One hundred years ago the 1911 - 1914 Australasian Antarctic Expedition (AAE), famously led by Sir Douglas Mawson, spent many cold months exploring the enigmatic and deadly continent of Antarctica.
From March 16 to May 26, 2013, a rare collection of artefacts from the expedition will be on display at the Western Australian Museum - Geraldton as part of Traversing Antarctica: the Australian experience, a national travelling exhibition celebrating Australia’s connection with the icy continent.
WA Museum – Geraldton manager Leigh O’Brien said the exhibition takes visitors on a journey from Mawson’s time to modern day.
“Antarctica is a significant place of cultural, historical and scientific value to Australians,” Ms O’Brien said.
“The AAE was Australia’s first large-scale, overseas scientific investigation after Federation, laying the foundation for the country’s eventual claim to a very large portion of the Antarctic continent and its resources.”
Designed to stimulate the imagination of life on the harsh continent, the exhibition features original equipment from early expeditions such as a man-hauling sled and harness, and copies of letters and diaries kept by Mawson and his team.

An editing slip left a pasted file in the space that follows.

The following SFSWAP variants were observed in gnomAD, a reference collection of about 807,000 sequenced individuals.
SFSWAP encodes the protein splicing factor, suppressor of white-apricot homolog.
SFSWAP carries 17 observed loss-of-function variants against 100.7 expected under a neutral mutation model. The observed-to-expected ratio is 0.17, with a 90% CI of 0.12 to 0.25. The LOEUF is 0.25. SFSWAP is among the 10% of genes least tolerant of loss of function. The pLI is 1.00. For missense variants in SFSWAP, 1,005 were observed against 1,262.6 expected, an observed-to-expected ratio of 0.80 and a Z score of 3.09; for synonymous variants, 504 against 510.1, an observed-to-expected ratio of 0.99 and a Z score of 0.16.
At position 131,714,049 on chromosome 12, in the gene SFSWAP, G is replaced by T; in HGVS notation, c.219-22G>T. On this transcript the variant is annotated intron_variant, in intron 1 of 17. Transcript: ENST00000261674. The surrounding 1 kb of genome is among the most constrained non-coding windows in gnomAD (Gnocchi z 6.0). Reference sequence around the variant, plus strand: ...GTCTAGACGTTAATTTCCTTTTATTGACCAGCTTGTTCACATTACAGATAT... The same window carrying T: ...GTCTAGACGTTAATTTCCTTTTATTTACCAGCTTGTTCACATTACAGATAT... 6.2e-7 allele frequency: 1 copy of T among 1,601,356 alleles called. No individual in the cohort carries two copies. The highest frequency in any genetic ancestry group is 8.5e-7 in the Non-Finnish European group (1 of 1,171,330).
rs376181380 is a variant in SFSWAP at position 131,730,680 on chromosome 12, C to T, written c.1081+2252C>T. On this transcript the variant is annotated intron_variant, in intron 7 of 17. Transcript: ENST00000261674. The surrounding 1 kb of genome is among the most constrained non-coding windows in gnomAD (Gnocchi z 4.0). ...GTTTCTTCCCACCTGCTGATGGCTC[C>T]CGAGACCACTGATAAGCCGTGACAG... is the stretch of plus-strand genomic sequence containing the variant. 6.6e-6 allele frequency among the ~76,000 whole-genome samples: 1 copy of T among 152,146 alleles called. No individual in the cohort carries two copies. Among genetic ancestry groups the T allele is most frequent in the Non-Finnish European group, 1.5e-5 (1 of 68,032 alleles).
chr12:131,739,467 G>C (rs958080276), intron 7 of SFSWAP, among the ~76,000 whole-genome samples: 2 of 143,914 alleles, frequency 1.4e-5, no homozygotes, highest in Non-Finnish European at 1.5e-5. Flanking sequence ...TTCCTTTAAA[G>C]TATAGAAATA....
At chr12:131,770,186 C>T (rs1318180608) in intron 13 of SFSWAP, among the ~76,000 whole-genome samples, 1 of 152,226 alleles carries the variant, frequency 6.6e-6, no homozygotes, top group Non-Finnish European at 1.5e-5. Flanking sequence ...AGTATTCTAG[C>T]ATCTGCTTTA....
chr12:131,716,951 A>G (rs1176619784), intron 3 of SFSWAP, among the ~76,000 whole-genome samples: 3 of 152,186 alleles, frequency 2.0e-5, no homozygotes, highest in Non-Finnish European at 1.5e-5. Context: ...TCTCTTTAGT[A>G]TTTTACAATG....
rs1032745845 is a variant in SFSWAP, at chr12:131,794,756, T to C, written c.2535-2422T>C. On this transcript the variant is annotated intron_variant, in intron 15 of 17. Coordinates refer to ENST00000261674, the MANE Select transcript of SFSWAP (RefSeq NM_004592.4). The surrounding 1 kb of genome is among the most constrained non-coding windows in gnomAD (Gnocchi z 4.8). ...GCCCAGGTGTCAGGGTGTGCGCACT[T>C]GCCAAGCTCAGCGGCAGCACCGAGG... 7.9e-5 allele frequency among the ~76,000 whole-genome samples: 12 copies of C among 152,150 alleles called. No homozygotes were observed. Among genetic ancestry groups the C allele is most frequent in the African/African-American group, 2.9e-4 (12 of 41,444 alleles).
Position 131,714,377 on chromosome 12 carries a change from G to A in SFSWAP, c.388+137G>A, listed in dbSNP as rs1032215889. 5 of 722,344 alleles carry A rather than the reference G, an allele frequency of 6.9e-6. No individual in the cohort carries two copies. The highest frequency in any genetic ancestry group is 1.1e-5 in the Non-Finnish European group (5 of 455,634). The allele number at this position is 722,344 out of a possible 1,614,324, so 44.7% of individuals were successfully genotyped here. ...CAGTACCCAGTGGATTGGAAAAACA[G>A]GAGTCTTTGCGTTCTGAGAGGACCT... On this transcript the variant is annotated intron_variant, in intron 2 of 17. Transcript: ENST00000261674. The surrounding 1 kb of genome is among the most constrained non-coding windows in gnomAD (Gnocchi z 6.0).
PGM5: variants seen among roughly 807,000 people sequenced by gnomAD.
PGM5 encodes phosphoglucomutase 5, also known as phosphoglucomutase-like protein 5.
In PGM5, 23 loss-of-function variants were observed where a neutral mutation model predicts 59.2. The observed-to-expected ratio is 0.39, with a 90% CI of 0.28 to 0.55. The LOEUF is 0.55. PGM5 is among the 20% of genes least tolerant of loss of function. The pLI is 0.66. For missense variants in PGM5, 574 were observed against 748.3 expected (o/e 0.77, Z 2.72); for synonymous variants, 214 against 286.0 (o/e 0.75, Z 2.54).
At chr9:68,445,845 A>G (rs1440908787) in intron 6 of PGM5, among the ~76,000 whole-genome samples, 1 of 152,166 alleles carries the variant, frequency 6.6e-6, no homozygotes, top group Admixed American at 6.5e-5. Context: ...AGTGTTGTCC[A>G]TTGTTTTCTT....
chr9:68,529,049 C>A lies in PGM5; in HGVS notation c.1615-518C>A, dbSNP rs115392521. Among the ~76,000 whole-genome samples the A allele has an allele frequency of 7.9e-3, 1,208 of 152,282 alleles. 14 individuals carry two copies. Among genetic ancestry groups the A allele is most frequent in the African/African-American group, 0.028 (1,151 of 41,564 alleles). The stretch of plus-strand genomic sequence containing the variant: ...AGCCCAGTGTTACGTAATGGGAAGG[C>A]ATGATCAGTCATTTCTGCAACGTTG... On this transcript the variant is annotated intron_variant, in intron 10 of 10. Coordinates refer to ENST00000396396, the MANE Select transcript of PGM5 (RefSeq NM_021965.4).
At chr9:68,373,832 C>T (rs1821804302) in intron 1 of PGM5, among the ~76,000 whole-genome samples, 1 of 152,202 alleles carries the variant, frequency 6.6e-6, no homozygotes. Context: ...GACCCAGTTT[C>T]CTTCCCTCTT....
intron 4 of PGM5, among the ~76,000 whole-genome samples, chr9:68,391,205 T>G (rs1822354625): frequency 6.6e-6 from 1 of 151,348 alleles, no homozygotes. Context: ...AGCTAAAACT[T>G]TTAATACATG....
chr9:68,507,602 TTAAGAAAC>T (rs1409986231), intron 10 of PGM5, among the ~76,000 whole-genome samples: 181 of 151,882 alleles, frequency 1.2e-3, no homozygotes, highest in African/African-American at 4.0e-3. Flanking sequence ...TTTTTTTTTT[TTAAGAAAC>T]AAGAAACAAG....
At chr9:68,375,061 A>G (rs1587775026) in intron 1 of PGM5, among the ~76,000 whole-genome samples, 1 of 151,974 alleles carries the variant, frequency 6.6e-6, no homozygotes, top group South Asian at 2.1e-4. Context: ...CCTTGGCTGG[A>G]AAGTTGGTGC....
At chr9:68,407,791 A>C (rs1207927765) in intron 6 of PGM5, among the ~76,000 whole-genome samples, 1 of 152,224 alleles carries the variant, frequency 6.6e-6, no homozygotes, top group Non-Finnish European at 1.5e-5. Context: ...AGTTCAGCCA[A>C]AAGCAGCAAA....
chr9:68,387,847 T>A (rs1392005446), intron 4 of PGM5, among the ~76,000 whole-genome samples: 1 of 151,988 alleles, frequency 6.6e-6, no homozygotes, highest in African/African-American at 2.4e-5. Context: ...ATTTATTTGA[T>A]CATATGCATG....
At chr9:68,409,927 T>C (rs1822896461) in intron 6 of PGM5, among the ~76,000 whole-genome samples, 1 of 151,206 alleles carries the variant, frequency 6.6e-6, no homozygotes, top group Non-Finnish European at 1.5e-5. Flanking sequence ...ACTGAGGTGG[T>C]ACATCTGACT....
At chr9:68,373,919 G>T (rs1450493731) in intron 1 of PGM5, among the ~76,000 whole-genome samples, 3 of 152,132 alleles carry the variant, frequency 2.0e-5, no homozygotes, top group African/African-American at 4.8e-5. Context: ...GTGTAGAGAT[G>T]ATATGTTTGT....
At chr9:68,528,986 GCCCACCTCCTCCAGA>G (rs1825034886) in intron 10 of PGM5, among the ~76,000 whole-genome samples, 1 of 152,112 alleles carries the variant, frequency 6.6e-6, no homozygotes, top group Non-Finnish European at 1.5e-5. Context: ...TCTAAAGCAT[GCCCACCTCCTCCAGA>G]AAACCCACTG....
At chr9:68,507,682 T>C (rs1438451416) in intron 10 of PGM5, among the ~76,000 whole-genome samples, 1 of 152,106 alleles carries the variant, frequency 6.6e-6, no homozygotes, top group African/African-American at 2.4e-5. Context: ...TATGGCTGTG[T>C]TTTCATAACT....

Visitors will also experience life in the land of blizzards via a live webcam set up at Davis Station and interactive time-lapse photographs of the awe-inspiring Aurora Australis.
Ms O’Brien said despite the physical distance, there are a number of links between the Mid West, Western Australia, and Antarctica.
“A number of Antarctic expeditioners live locally in Geraldton, and will join the WA Museum’s head of conservation and fellow expeditioner, Dr Ian Godfrey, for two public lectures on the challenges of living and working in Antarctica,” she said.
The public lectures will take place at the WA Museum - Geraldton on Tuesday 19 March at 7pm, and Wednesday 20 March at 10am.
For more information on the exhibition and lectures, visit museum.wa.gov.au
‘Traversing Antarctica: the Australian Experience’ was developed by the National Archives of Australia in collaboration with the Australian Antarctic Division and the Western Australian Museum.
This exhibition is supported by Visions of Australia, an Australian Government program supporting touring exhibitions by providing funding assistance for the development and touring of Australian cultural material across Australia.